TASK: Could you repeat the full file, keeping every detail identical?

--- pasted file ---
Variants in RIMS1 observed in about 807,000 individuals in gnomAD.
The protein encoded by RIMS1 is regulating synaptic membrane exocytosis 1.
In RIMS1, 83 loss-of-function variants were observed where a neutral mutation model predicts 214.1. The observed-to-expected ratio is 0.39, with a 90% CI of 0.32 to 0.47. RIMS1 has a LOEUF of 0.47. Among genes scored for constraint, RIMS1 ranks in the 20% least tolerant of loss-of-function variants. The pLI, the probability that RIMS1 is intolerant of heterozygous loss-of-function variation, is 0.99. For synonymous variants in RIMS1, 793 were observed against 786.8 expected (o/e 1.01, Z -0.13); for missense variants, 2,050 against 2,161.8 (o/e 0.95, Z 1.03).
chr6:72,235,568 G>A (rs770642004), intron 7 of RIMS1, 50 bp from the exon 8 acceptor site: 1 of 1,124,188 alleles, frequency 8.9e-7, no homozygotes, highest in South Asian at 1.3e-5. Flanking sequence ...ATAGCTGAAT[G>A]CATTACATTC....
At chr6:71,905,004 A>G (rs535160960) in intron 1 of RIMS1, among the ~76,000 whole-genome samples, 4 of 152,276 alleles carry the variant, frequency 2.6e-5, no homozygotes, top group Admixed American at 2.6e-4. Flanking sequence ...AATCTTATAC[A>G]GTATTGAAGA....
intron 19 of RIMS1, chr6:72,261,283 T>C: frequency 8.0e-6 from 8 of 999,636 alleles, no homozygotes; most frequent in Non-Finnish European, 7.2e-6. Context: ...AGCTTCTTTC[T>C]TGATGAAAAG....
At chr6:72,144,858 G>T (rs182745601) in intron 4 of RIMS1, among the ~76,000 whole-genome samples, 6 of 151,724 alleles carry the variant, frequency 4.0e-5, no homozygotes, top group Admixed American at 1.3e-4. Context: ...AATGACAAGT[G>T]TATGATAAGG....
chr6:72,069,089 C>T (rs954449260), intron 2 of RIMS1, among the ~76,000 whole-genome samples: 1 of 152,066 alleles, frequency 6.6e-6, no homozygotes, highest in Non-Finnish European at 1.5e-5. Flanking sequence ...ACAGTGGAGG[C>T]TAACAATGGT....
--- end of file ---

Variants in RIMS1 observed in about 807,000 individuals in gnomAD.
The protein encoded by RIMS1 is regulating synaptic membrane exocytosis 1.
In RIMS1, 83 loss-of-function variants were observed where a neutral mutation model predicts 214.1. The observed-to-expected ratio is 0.39, with a 90% CI of 0.32 to 0.47. RIMS1 has a LOEUF of 0.47. Among genes scored for constraint, RIMS1 ranks in the 20% least tolerant of loss-of-function variants. The pLI, the probability that RIMS1 is intolerant of heterozygous loss-of-function variation, is 0.99. For synonymous variants in RIMS1, 793 were observed against 786.8 expected (o/e 1.01, Z -0.13); for missense variants, 2,050 against 2,161.8 (o/e 0.95, Z 1.03).
chr6:72,235,568 G>A (rs770642004), intron 7 of RIMS1, 50 bp from the exon 8 acceptor site: 1 of 1,124,188 alleles, frequency 8.9e-7, no homozygotes, highest in South Asian at 1.3e-5. Flanking sequence ...ATAGCTGAAT[G>A]CATTACATTC....
At chr6:71,905,004 A>G (rs535160960) in intron 1 of RIMS1, among the ~76,000 whole-genome samples, 4 of 152,276 alleles carry the variant, frequency 2.6e-5, no homozygotes, top group Admixed American at 2.6e-4. Flanking sequence ...AATCTTATAC[A>G]GTATTGAAGA....
intron 19 of RIMS1, chr6:72,261,283 T>C: frequency 8.0e-6 from 8 of 999,636 alleles, no homozygotes; most frequent in Non-Finnish European, 7.2e-6. Context: ...AGCTTCTTTC[T>C]TGATGAAAAG....
At chr6:72,144,858 G>T (rs182745601) in intron 4 of RIMS1, among the ~76,000 whole-genome samples, 6 of 151,724 alleles carry the variant, frequency 4.0e-5, no homozygotes, top group Admixed American at 1.3e-4. Context: ...AATGACAAGT[G>T]TATGATAAGG....
chr6:72,069,089 C>T (rs954449260), intron 2 of RIMS1, among the ~76,000 whole-genome samples: 1 of 152,066 alleles, frequency 6.6e-6, no homozygotes, highest in Non-Finnish European at 1.5e-5. Flanking sequence ...ACAGTGGAGG[C>T]TAACAATGGT....